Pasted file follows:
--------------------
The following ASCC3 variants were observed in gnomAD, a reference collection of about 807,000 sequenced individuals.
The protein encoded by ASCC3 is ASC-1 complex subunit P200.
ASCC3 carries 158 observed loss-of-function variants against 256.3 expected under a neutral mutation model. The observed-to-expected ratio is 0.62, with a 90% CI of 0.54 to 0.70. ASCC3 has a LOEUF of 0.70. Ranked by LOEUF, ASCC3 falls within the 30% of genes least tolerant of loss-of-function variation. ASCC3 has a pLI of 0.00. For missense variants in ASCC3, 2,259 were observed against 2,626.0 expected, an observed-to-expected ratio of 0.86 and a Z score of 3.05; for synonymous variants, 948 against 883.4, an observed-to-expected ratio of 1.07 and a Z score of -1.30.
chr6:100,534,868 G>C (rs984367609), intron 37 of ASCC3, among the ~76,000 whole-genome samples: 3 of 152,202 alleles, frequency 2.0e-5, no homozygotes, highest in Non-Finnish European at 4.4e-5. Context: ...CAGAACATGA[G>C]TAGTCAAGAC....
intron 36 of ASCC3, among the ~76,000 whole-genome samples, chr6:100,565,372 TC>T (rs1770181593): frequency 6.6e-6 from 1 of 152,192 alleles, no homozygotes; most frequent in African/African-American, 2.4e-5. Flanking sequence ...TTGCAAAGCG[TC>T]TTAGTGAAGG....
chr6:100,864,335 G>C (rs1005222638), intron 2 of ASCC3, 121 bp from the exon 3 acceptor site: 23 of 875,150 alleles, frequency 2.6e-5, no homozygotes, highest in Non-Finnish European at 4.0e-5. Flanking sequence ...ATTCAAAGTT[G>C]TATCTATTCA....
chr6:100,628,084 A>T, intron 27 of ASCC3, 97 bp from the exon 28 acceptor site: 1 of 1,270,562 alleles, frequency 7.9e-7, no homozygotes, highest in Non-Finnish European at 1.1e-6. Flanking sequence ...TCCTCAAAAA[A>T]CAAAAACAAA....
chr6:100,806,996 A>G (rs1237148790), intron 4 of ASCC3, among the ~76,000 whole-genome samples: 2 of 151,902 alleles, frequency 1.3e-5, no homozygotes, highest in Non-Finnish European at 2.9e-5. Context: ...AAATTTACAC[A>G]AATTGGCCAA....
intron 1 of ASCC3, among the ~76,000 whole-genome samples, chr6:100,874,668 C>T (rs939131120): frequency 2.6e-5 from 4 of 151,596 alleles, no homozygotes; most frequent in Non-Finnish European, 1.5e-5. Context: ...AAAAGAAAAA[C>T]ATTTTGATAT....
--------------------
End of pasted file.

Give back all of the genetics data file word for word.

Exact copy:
The following ASCC3 variants were observed in gnomAD, a reference collection of about 807,000 sequenced individuals.
The protein encoded by ASCC3 is ASC-1 complex subunit P200.
ASCC3 carries 158 observed loss-of-function variants against 256.3 expected under a neutral mutation model. The observed-to-expected ratio is 0.62, with a 90% CI of 0.54 to 0.70. ASCC3 has a LOEUF of 0.70. Ranked by LOEUF, ASCC3 falls within the 30% of genes least tolerant of loss-of-function variation. ASCC3 has a pLI of 0.00. For missense variants in ASCC3, 2,259 were observed against 2,626.0 expected, an observed-to-expected ratio of 0.86 and a Z score of 3.05; for synonymous variants, 948 against 883.4, an observed-to-expected ratio of 1.07 and a Z score of -1.30.
chr6:100,534,868 G>C (rs984367609), intron 37 of ASCC3, among the ~76,000 whole-genome samples: 3 of 152,202 alleles, frequency 2.0e-5, no homozygotes, highest in Non-Finnish European at 4.4e-5. Context: ...CAGAACATGA[G>C]TAGTCAAGAC....
intron 36 of ASCC3, among the ~76,000 whole-genome samples, chr6:100,565,372 TC>T (rs1770181593): frequency 6.6e-6 from 1 of 152,192 alleles, no homozygotes; most frequent in African/African-American, 2.4e-5. Flanking sequence ...TTGCAAAGCG[TC>T]TTAGTGAAGG....
chr6:100,864,335 G>C (rs1005222638), intron 2 of ASCC3, 121 bp from the exon 3 acceptor site: 23 of 875,150 alleles, frequency 2.6e-5, no homozygotes, highest in Non-Finnish European at 4.0e-5. Flanking sequence ...ATTCAAAGTT[G>C]TATCTATTCA....
chr6:100,628,084 A>T, intron 27 of ASCC3, 97 bp from the exon 28 acceptor site: 1 of 1,270,562 alleles, frequency 7.9e-7, no homozygotes, highest in Non-Finnish European at 1.1e-6. Flanking sequence ...TCCTCAAAAA[A>T]CAAAAACAAA....
chr6:100,806,996 A>G (rs1237148790), intron 4 of ASCC3, among the ~76,000 whole-genome samples: 2 of 151,902 alleles, frequency 1.3e-5, no homozygotes, highest in Non-Finnish European at 2.9e-5. Context: ...AAATTTACAC[A>G]AATTGGCCAA....
intron 1 of ASCC3, among the ~76,000 whole-genome samples, chr6:100,874,668 C>T (rs939131120): frequency 2.6e-5 from 4 of 151,596 alleles, no homozygotes; most frequent in Non-Finnish European, 1.5e-5. Context: ...AAAAGAAAAA[C>T]ATTTTGATAT....